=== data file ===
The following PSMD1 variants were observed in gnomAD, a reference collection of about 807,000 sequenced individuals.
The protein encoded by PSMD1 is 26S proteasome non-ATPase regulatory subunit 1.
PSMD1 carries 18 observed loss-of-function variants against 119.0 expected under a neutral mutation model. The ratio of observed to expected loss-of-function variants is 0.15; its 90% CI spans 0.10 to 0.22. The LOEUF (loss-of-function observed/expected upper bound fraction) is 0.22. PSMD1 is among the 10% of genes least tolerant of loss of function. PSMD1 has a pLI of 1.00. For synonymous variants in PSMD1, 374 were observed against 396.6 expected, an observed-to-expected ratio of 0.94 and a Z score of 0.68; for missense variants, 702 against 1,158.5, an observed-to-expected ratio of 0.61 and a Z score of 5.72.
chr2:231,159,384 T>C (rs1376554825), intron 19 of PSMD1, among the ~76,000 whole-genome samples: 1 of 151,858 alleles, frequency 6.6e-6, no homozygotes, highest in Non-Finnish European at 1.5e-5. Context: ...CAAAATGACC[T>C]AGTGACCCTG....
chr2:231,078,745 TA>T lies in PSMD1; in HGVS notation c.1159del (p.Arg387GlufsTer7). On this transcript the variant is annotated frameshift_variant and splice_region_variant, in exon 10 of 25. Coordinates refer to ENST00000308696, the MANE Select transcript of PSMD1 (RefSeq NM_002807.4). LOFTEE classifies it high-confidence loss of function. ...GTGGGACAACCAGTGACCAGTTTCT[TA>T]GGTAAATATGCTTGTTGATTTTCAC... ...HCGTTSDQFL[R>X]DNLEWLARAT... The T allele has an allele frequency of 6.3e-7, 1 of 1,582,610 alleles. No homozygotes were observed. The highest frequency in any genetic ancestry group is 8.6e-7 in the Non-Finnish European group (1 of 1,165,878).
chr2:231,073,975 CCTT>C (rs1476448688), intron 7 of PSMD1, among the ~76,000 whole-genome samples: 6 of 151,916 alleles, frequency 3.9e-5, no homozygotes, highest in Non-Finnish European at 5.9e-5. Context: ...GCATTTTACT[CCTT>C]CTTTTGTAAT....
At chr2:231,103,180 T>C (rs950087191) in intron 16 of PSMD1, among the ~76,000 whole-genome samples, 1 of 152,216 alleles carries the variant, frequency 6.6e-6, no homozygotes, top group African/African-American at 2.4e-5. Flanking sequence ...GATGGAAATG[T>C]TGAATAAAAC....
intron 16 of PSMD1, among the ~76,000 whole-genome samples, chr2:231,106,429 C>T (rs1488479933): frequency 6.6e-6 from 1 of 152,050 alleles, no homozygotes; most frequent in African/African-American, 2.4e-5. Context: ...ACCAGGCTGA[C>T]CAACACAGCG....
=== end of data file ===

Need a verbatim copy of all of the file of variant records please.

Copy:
The following PSMD1 variants were observed in gnomAD, a reference collection of about 807,000 sequenced individuals.
The protein encoded by PSMD1 is 26S proteasome non-ATPase regulatory subunit 1.
PSMD1 carries 18 observed loss-of-function variants against 119.0 expected under a neutral mutation model. The ratio of observed to expected loss-of-function variants is 0.15; its 90% CI spans 0.10 to 0.22. The LOEUF (loss-of-function observed/expected upper bound fraction) is 0.22. PSMD1 is among the 10% of genes least tolerant of loss of function. PSMD1 has a pLI of 1.00. For synonymous variants in PSMD1, 374 were observed against 396.6 expected, an observed-to-expected ratio of 0.94 and a Z score of 0.68; for missense variants, 702 against 1,158.5, an observed-to-expected ratio of 0.61 and a Z score of 5.72.
chr2:231,159,384 T>C (rs1376554825), intron 19 of PSMD1, among the ~76,000 whole-genome samples: 1 of 151,858 alleles, frequency 6.6e-6, no homozygotes, highest in Non-Finnish European at 1.5e-5. Context: ...CAAAATGACC[T>C]AGTGACCCTG....
chr2:231,078,745 TA>T lies in PSMD1; in HGVS notation c.1159del (p.Arg387GlufsTer7). On this transcript the variant is annotated frameshift_variant and splice_region_variant, in exon 10 of 25. Coordinates refer to ENST00000308696, the MANE Select transcript of PSMD1 (RefSeq NM_002807.4). LOFTEE classifies it high-confidence loss of function. ...GTGGGACAACCAGTGACCAGTTTCT[TA>T]GGTAAATATGCTTGTTGATTTTCAC... ...HCGTTSDQFL[R>X]DNLEWLARAT... The T allele has an allele frequency of 6.3e-7, 1 of 1,582,610 alleles. No homozygotes were observed. The highest frequency in any genetic ancestry group is 8.6e-7 in the Non-Finnish European group (1 of 1,165,878).
chr2:231,073,975 CCTT>C (rs1476448688), intron 7 of PSMD1, among the ~76,000 whole-genome samples: 6 of 151,916 alleles, frequency 3.9e-5, no homozygotes, highest in Non-Finnish European at 5.9e-5. Context: ...GCATTTTACT[CCTT>C]CTTTTGTAAT....
At chr2:231,103,180 T>C (rs950087191) in intron 16 of PSMD1, among the ~76,000 whole-genome samples, 1 of 152,216 alleles carries the variant, frequency 6.6e-6, no homozygotes, top group African/African-American at 2.4e-5. Flanking sequence ...GATGGAAATG[T>C]TGAATAAAAC....
intron 16 of PSMD1, among the ~76,000 whole-genome samples, chr2:231,106,429 C>T (rs1488479933): frequency 6.6e-6 from 1 of 152,050 alleles, no homozygotes; most frequent in African/African-American, 2.4e-5. Context: ...ACCAGGCTGA[C>T]CAACACAGCG....